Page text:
The Olympic Rings are pictured in front of the headquarters of the International Olympic Committee (IOC) in Lausanne on March 21, 2020, as doubts increase over whether Tokyo can safely host the summer Games amid the spread of the COVID-19. Fabrice COFFRINI / AFP.
Japan’s Olympic chief said Monday there was “no way” to ensure zero virus cases among teams arriving for the Tokyo Games, as officials prepare to tighten screening procedures.
Japanese Olympic Committee president Yasuhiro Yamashita said “thorough measures” would be necessary at airports, after two members of Uganda’s team tested positive last week following their arrival in Japan.
“No matter what measures are put in place, there is no way we will have zero positive cases arriving,” Yamashita told reporters.
“Even if you’ve had two vaccine doses, it doesn’t guarantee every individual will be negative.”
On Sunday, a Games official had said teams should be immediately isolated if they arrive in Japan with an infected team member.
“In order to make sure no clusters arise, we need to have thorough measures at the border at the time of entry to Japan,” Yamashita said, adding that daily virus testing would also help reduce the risk of infections spreading.
But he hoped athletes would have “positive memories” of the Games, despite “severe restrictions” that mean they can’t even leave the Olympic Village to buy souvenirs.
Yamashita, a former Olympic judo gold-medallist, said he sympathised with the athletes, who will be confined to the Village when they are not training or competing.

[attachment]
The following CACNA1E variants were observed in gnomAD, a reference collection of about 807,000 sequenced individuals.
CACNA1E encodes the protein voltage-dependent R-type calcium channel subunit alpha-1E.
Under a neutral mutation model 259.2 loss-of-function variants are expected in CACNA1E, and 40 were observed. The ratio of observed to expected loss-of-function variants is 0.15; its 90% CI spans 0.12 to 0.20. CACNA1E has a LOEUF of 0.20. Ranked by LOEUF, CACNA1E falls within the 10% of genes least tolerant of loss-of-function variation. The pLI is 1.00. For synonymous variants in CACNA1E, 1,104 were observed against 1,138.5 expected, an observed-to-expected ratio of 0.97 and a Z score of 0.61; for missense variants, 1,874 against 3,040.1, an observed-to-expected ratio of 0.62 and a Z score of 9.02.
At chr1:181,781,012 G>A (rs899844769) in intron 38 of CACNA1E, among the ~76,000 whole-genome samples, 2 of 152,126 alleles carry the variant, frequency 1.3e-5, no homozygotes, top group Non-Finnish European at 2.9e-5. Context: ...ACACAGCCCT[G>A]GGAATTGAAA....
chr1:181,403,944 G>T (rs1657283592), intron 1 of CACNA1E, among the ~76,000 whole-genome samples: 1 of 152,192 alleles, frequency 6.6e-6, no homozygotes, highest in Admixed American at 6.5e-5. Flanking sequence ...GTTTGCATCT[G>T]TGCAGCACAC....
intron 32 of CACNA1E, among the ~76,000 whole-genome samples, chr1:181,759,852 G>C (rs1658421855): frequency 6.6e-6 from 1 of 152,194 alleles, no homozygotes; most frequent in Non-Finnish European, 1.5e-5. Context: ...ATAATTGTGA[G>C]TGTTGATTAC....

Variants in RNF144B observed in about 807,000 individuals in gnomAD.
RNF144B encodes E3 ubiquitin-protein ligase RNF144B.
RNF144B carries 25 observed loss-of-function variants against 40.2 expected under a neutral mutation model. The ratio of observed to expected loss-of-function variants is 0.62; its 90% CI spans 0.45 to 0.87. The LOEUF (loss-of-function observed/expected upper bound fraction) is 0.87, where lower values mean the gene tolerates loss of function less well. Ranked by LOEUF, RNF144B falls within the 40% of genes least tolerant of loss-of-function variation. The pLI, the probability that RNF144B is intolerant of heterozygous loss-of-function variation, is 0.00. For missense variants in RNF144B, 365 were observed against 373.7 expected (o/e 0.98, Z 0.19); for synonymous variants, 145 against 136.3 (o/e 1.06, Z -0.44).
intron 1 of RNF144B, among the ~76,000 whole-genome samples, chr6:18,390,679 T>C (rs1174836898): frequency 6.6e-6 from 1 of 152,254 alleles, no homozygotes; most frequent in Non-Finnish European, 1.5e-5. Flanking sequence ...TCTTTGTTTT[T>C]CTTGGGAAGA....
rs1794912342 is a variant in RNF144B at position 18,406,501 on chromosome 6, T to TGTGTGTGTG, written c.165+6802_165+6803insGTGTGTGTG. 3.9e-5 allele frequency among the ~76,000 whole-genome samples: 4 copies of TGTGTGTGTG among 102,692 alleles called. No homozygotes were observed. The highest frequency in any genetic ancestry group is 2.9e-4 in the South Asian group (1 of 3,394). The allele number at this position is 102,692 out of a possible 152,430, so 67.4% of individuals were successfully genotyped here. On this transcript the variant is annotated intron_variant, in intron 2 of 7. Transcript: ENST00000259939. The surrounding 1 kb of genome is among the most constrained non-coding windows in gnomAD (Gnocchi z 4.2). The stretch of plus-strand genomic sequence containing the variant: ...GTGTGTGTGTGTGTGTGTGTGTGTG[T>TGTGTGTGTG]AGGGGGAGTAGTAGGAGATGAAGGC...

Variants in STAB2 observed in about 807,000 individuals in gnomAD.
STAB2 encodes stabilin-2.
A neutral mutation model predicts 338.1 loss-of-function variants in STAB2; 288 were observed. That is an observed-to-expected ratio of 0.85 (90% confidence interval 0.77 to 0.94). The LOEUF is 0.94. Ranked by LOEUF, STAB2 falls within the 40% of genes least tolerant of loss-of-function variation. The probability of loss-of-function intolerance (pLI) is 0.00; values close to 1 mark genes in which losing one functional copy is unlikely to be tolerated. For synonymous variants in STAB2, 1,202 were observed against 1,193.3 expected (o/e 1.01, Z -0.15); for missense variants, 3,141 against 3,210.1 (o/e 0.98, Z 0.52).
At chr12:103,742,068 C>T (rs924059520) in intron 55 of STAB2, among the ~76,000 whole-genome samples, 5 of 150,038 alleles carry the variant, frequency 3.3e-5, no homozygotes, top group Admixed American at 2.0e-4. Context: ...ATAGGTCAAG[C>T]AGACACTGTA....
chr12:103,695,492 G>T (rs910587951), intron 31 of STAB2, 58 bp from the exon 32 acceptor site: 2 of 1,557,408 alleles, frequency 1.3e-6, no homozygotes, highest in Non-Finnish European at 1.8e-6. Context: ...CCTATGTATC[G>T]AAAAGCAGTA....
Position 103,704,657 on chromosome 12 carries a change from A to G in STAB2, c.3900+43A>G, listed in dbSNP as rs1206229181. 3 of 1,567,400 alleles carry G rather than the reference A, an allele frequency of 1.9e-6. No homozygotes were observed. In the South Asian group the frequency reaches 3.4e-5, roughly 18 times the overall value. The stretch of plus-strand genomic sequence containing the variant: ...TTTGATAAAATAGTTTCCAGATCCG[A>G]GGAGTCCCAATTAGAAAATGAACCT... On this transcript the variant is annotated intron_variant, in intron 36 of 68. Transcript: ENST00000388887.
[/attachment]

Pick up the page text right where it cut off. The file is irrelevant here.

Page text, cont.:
“How can international athletes have some time to relax and create some positive memories?”
“Of course, the top priority is to make it safe and secure, but I think we need to make an effort to give athletes that kind of space,” Yamashita said.
Several high-profile athletes have already said they will not compete in Tokyo, with tennis star Serena Williams the latest to drop out on Sunday.
Williams did not give a reason for her withdrawal, but a ban on family members at the Olympics would have separated her from her daughter.
Athletes must sign a written pledge promising to abide by antivirus rules in Tokyo, including staying away from tourist areas, shops and bars, limiting contact with other people, and not using public transport.
Yamashita, who won gold at the 1984 Los Angeles Olympics but missed the 1980 Moscow Games because Japan boycotted the event, said athletes would find it “difficult” to spend so long cooped up inside.
“I think the athletes will be spending their time here in Japan in extremely restricted conditions,” he said.
“I think this is something that we need to understand, and not think of the athletes as being strong-willed or selfish.”
Yamashita lamented the fact that virus restrictions and a ban on overseas fans coming to Japan means the Tokyo Games will not be the cultural exchange he was looking forward to.
But he still thinks the event can leave a meaningful legacy.
“There was a feeling that the Olympics were becoming huge and extravagant,” he said.
“I believe we’ve been given an opportunity to rethink what the Olympics are about. I think that’s where the Tokyo Games can be significant.”